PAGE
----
Thursday, February 11, 2010

300 families flee Afghan town ahead of offensive

Associated Press

About 300 families have already fled a southern Afghan town ahead of a major U.S.-Afghan offensive planned on a key Taliban stronghold, provincial officials said Wednesday.

Meanwhile, a Taliban spokesman vowed that insurgent forces in and near Marjah in southern Helmand province are ready "to do jihad, to sacrifice their lives" in the upcoming battle, which will serve as a significant test of the new U.S. strategy for turning back the Taliban.

In Brussels, a NATO spokesman said the Taliban garrison in Marjah had the option to surrender, leave or fight. "They are well advised to take up options one or two," spokesman James Appathurai said.

"The area which is the focus of this operation has been known for years as an insurgent stronghold. It is actively defended and will require a large military operation to clear," he said.

No date for the main attack has been announced but all signs indicate it will come soon. It will be the first major military offensive since President Barack Obama announced last December that he was sending 30,000 reinforcements to Afghanistan.

Daoud Ahmadi, spokesman for Helmand Gov. Gulab Mangal, said some 300 families — an estimated 1,800 people — have already moved out of Marjah in recent weeks and days to the capital of Lashkar Gah, about 20 miles (30 kilometers) northeast, where they are living with relatives or in government-sponsored shelters.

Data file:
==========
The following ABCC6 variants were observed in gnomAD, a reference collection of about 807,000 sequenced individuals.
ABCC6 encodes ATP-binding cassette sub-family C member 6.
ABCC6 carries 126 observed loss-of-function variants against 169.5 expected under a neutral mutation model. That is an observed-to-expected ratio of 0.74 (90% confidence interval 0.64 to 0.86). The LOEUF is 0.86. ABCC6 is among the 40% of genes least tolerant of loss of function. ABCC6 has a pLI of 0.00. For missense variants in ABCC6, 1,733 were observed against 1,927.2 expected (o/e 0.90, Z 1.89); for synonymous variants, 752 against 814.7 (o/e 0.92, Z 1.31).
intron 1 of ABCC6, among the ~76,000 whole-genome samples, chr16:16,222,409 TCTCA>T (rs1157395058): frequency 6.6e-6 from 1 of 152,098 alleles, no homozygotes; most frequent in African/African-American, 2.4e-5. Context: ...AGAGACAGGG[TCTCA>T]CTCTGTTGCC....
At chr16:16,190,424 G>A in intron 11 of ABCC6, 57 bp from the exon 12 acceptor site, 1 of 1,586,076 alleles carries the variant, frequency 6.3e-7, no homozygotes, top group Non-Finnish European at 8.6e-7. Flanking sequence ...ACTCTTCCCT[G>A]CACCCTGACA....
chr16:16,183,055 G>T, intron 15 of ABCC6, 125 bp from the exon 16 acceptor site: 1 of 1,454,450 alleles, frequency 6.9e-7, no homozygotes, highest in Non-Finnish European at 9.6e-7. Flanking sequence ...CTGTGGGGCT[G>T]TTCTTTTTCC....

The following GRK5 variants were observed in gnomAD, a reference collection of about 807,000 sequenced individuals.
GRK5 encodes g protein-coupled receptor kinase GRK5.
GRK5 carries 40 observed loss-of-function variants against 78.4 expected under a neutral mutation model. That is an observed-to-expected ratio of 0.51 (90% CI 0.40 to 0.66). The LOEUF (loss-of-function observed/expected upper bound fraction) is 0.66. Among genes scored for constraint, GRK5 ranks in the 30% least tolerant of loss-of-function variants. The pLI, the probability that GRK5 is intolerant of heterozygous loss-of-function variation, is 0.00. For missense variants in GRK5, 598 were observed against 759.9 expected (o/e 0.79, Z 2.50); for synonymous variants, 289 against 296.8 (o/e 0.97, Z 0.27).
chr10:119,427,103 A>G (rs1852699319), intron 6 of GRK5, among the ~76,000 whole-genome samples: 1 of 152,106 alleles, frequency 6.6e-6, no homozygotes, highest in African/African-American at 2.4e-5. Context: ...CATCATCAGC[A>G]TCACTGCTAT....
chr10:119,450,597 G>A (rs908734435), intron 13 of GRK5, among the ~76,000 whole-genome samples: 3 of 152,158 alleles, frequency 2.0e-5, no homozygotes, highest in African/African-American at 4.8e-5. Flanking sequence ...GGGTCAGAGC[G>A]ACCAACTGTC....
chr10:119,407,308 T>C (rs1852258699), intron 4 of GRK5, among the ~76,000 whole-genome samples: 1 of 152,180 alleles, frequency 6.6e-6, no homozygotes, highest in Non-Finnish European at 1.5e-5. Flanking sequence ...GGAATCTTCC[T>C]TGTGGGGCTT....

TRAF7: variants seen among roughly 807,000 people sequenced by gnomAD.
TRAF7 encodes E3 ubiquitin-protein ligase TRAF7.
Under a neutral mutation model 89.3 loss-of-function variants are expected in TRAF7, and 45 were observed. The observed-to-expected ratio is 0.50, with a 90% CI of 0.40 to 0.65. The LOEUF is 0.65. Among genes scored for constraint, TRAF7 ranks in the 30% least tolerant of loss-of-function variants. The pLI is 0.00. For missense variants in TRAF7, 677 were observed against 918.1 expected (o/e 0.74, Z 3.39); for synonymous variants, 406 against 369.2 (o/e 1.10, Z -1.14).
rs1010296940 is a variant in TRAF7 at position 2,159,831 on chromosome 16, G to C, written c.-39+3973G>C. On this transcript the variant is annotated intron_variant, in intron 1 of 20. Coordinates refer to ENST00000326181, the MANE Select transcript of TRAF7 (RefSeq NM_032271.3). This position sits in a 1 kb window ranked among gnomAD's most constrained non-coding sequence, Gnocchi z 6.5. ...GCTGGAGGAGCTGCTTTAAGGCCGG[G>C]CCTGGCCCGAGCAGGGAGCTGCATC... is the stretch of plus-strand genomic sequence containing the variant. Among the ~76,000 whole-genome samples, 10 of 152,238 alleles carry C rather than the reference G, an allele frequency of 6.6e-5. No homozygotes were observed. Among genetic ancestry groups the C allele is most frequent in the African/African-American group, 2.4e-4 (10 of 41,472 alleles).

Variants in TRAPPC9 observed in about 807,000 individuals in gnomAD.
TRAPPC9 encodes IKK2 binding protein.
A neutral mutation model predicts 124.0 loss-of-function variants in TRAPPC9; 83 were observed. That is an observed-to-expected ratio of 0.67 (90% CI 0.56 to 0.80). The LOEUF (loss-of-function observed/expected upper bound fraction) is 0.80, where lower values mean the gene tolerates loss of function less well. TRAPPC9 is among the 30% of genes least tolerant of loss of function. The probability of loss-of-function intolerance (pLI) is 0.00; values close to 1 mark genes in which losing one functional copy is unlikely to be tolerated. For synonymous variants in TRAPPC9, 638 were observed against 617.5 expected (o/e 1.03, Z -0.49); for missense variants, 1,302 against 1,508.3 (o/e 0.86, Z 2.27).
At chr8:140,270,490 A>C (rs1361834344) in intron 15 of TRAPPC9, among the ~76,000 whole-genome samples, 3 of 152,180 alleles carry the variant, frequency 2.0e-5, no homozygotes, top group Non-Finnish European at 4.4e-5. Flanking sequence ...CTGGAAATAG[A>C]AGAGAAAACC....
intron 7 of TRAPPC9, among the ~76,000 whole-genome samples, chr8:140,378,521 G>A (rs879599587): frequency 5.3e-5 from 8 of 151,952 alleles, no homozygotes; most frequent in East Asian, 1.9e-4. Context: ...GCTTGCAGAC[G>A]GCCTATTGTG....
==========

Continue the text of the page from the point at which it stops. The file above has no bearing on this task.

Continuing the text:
About 60 families are living in a school, which has been converted into a temporary shelter stocked with tents, blankets, food and non-food items, he said. The other 240 families are living with relatives in the area, he said.

Ahmadi said preparations have been made to receive more refugees if necessary. Afghan families have an average of six members, according to private relief groups.

"All these things have been prepared by the governor's office and disaster department," he said.

The U.S. goal is to quickly retake control of Marjah, a farming community and major opium-production center, from Taliban forces. That would enable the Afghan government to re-establish a presence, bringing security, electricity, clean water and other public services to the estimated 80,000 inhabitants.

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